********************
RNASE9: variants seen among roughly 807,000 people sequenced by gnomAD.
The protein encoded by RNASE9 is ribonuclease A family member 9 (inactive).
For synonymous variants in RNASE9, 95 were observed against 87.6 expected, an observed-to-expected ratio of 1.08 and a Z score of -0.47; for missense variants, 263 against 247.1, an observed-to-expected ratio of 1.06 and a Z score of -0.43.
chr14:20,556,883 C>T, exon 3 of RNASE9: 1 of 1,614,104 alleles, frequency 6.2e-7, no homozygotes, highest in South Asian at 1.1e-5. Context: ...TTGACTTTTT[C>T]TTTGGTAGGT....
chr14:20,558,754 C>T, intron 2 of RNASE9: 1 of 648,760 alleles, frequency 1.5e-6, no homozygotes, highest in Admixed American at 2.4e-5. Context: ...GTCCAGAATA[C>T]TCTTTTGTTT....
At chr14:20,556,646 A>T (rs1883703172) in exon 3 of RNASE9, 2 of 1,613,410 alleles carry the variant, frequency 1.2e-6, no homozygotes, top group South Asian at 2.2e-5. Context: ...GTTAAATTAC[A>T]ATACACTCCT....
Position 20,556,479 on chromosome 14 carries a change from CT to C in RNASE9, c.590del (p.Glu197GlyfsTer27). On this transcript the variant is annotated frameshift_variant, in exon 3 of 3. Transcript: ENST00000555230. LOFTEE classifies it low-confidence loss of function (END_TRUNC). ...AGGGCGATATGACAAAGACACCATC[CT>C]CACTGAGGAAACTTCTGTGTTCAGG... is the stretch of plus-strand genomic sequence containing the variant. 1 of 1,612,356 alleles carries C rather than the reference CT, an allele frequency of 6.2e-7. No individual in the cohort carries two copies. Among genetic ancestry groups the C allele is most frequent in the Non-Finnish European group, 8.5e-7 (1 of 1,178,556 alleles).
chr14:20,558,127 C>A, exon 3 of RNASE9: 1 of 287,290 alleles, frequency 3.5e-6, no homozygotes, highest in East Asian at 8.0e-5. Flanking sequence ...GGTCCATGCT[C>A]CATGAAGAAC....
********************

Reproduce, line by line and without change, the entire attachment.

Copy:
RNASE9: variants seen among roughly 807,000 people sequenced by gnomAD.
The protein encoded by RNASE9 is ribonuclease A family member 9 (inactive).
For synonymous variants in RNASE9, 95 were observed against 87.6 expected, an observed-to-expected ratio of 1.08 and a Z score of -0.47; for missense variants, 263 against 247.1, an observed-to-expected ratio of 1.06 and a Z score of -0.43.
chr14:20,556,883 C>T, exon 3 of RNASE9: 1 of 1,614,104 alleles, frequency 6.2e-7, no homozygotes, highest in South Asian at 1.1e-5. Context: ...TTGACTTTTT[C>T]TTTGGTAGGT....
chr14:20,558,754 C>T, intron 2 of RNASE9: 1 of 648,760 alleles, frequency 1.5e-6, no homozygotes, highest in Admixed American at 2.4e-5. Context: ...GTCCAGAATA[C>T]TCTTTTGTTT....
At chr14:20,556,646 A>T (rs1883703172) in exon 3 of RNASE9, 2 of 1,613,410 alleles carry the variant, frequency 1.2e-6, no homozygotes, top group South Asian at 2.2e-5. Context: ...GTTAAATTAC[A>T]ATACACTCCT....
Position 20,556,479 on chromosome 14 carries a change from CT to C in RNASE9, c.590del (p.Glu197GlyfsTer27). On this transcript the variant is annotated frameshift_variant, in exon 3 of 3. Transcript: ENST00000555230. LOFTEE classifies it low-confidence loss of function (END_TRUNC). ...AGGGCGATATGACAAAGACACCATC[CT>C]CACTGAGGAAACTTCTGTGTTCAGG... is the stretch of plus-strand genomic sequence containing the variant. 1 of 1,612,356 alleles carries C rather than the reference CT, an allele frequency of 6.2e-7. No individual in the cohort carries two copies. Among genetic ancestry groups the C allele is most frequent in the Non-Finnish European group, 8.5e-7 (1 of 1,178,556 alleles).
chr14:20,558,127 C>A, exon 3 of RNASE9: 1 of 287,290 alleles, frequency 3.5e-6, no homozygotes, highest in East Asian at 8.0e-5. Flanking sequence ...GGTCCATGCT[C>A]CATGAAGAAC....